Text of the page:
The taxpayer's brief calls attention to the provision in section 29.41-2 of Regulations 111 that, "in any case in which it is necessary to use an inventory, no method of accounting in regard to purchases and sales will reflect income except an accrual method", and to a special ruling of the Commissioner, dated January 5, 1945, 45 CCH par. 6129, 563 CCH par. 2982.492, to the effect that where inventories are necessarily used in a business, taxpayers are required to use the accrual method and no permission to change to that method is required.
It does not appear from the record that this question was raised before the Tax Court, except by way of attempted interjection in the taxpayer's motion for rehearing and reconsideration, filed after the Court had decided the case. This circumstance, in conjunction with the reversal result which is in any event commanded by what we have precedingly said, makes unnecessary any consideration of this aspect of the situation.
Moreover, we are not prepared to declare abstractly and absolutely that the requirement of the regulation for the use of an accrual method, where business inventories are involved, leaves no room for the taxpayer lawfully to have employed the hybrid method of accounting and return, which he here did, or no power in the Commissioner to have allowed him, or to be able to require him to continue, to do so, on the facts and elements of his particular situation.
A measure of discretion and flexibility is essential and inherent in practical tax administration, so long as it does not amount to legal arbitrariness, unfair discrimination, or violation of a statutory provision. And on the permissibility which the Code intends generally in methods of accounting, as Mertens says, "The intention of the Code is, no doubt, to allow discretion and permit flexibility both to the taxpayer and to the Commissioner, and it would probably be impossible to administer the income tax according to any more rigid or explicit rule". 2 Mertens, Law of Federal Income Taxation, § 12.05a.
Again, on the matter of the taxpayer's right to have changed his method of accounting without the permission of the Commissioner, we similarly are not prepared to declare, on the abstraction of the Commissioner's 1945 special ruling alone, that the situation here was one in which the Commissioner was not entitled to take the position that taxpayer was required to obtain his consent, or in which the Commissioner could not refuse to give his consent, if the taxpayer chose to reject the terms and conditions which the Commissioner might undertake to impose. These questions we shall leave to a more specific and a more illuminating setting than the present record provides.
The Commissioner urges that, if the adjustment attempted by him cannot be made, the result will be that the accumulated bills receivable of the taxpayer's business will escape taxation as a matter of limitations. We are not persuaded that this is or can be the situation.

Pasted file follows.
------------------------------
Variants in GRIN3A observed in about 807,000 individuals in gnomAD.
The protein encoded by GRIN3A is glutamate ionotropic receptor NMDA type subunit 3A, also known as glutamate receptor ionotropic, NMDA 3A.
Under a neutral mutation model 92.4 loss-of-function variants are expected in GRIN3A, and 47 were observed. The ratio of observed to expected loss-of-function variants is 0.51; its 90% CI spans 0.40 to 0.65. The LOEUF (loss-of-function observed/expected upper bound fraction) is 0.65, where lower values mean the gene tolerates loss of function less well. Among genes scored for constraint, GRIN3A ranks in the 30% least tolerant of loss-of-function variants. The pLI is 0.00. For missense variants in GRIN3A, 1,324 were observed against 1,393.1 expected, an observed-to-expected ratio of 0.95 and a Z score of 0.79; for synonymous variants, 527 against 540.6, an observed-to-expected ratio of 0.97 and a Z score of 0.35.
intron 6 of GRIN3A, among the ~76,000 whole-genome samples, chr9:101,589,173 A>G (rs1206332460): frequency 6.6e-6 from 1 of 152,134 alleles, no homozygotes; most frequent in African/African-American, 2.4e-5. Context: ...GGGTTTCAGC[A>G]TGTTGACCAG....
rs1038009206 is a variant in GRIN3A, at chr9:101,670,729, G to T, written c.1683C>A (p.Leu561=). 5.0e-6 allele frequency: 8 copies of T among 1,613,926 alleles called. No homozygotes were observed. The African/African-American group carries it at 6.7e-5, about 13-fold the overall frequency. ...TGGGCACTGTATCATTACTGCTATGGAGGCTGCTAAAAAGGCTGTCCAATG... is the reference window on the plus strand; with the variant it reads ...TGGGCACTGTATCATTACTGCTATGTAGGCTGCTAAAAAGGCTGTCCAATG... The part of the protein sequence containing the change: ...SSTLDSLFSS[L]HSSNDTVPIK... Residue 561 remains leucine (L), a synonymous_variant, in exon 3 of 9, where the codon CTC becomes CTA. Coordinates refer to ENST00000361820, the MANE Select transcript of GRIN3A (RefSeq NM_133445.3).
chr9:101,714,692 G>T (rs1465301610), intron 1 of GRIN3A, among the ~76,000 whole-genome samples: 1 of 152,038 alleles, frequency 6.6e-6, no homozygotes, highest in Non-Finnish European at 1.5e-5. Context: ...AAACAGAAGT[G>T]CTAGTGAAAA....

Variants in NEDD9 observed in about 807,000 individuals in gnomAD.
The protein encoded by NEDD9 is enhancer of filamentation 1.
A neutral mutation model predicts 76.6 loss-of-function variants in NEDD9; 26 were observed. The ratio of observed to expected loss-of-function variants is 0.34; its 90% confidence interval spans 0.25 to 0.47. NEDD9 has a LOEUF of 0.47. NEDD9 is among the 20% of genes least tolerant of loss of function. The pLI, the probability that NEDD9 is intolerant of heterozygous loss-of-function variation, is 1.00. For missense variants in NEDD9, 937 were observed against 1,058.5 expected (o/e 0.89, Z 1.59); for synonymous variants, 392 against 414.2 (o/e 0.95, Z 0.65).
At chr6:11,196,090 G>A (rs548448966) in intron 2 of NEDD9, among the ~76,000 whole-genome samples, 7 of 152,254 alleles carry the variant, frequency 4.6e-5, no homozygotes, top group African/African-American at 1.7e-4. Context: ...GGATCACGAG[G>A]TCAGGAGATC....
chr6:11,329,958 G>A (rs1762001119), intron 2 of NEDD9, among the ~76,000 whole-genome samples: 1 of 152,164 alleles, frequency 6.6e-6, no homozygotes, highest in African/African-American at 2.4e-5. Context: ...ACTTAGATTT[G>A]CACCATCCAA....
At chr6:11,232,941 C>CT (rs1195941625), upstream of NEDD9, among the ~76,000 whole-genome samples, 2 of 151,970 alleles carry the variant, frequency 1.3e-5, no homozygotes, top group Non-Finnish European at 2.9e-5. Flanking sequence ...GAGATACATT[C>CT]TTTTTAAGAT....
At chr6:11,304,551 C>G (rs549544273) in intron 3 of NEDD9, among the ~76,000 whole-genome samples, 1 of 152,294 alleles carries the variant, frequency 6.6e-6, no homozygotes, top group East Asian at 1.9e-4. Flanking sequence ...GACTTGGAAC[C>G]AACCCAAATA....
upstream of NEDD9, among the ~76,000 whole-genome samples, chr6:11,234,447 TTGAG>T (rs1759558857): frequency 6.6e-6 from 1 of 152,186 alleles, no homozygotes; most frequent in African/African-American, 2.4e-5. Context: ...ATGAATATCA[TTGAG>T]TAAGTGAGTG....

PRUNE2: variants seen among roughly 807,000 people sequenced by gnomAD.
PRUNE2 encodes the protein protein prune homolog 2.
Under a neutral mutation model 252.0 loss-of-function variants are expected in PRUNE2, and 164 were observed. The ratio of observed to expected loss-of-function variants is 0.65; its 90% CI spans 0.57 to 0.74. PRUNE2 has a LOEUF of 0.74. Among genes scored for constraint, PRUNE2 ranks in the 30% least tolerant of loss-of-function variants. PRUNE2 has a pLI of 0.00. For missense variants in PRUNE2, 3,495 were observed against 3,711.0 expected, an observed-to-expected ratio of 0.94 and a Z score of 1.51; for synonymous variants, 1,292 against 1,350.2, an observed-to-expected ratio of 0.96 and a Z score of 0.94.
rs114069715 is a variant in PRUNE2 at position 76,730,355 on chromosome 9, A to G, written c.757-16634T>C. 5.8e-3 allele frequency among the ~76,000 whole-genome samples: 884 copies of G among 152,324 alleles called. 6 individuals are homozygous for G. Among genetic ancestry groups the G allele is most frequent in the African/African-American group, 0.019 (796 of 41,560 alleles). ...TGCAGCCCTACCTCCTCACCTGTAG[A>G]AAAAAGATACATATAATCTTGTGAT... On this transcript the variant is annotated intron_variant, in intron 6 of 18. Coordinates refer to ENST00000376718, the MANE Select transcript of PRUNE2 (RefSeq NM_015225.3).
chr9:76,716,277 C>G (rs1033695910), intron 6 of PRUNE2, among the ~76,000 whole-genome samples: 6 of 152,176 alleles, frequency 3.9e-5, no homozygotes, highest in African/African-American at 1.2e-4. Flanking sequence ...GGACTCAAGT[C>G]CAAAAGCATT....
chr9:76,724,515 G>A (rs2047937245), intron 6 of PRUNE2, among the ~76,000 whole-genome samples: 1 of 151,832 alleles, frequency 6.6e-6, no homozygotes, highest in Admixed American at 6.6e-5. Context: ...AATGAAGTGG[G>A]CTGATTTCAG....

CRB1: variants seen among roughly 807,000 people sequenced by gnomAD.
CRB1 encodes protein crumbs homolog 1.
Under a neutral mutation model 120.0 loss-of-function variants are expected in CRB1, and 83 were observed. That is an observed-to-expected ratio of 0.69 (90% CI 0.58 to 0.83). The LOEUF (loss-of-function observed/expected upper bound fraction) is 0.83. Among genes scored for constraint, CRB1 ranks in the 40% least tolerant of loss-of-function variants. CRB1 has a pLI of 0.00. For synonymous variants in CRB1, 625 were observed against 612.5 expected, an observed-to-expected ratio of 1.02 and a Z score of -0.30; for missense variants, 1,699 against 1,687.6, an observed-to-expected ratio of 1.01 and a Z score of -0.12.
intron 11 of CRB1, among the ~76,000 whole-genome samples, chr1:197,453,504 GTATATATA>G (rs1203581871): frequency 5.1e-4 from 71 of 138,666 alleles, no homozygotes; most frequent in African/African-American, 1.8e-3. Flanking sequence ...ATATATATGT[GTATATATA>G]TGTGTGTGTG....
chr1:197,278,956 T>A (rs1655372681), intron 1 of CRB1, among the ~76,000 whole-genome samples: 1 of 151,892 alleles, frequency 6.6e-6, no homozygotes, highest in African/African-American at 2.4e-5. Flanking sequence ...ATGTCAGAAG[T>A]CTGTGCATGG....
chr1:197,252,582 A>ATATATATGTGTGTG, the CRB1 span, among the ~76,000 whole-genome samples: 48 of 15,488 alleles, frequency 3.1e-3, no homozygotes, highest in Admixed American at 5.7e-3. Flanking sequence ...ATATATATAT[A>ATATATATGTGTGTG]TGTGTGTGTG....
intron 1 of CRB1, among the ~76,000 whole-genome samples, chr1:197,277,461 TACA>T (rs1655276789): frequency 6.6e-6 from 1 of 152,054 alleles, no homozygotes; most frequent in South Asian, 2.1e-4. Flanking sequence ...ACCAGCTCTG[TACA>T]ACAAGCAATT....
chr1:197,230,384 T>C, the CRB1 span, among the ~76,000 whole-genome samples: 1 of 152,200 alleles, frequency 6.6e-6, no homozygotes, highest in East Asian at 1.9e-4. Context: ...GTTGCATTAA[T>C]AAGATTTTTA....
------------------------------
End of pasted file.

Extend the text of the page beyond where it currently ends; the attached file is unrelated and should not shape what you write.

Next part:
The accounts involved had had an income status created for them on a cash-realization basis, under the accounting method which the taxpayer had employed as to them. This established status of taxability for the particular accounts could hardly be said, we think, to have been altered by the taxpayer's change in his method of accounting designed to create a different status simply as to his future sales. The previous accounts were not assets which bore an inseparable relationship to his future sales, either as a matter of business operation or of tax payment, and economically the realization of income from them on the basis of their cash status would not in any way be effected by his accrual treatment of his future sales. The previously accumulated bills receivable were assets which he had treated and left as involving a realization of income to him when they were paid. As a matter of fact, the record indicates that he continued so to recognize them in the years subsequent to 1949, by reporting as income and paying tax on such cash as he realized from them in each year.
But even if the situation had been one in which a limitations escape could have occurred, this would not enable the Commissioner to make the reach that he attempted. It is part of the policy of our income-tax system to allow an honest taxpayer to escape the controversy and burden of any attempted deficiency assessments, through limitations.
It may be noted that the problem of effecting adjustments such as that which is here involved is one for which the Internal Revenue Code of 1954, § 481, 26 U.S.C.A., has attempted to provide at least a partial solution. But this is not of help or significance here, for, as Sen. Rep. No. 1622, 83rd Cong., 2nd Sess., p. 308, undertakes to make clear, the provisions for transitional adjustments contained in that Code are without application or relationship to "items that were, or should have been, under the proper method of accounting, taken into account as an income-producing factor for taxable years to which subtitle A of the 1954 Code does not apply". U.S.Code Cong. & Adm.News, 1954, p. 4947.
Since the taxpayer's case is being reversed, the deductions allowed in the taxpayer's favor, which were protectively made the subject of the Commissioner's petition for review, are entitled to reconsideration by the Tax Court in their relation to the overthrowing of its decision.
The decision of the Tax Court is accordingly reversed, as to both petitions for review, and the cases will be remanded to it.
Reversed and remanded.
Husband and wife had filed a joint return, so that the wife also was made a party to the petition for review. The controversy is related to income from the husband's business, and we shall accordingly refer to him here as the taxpayer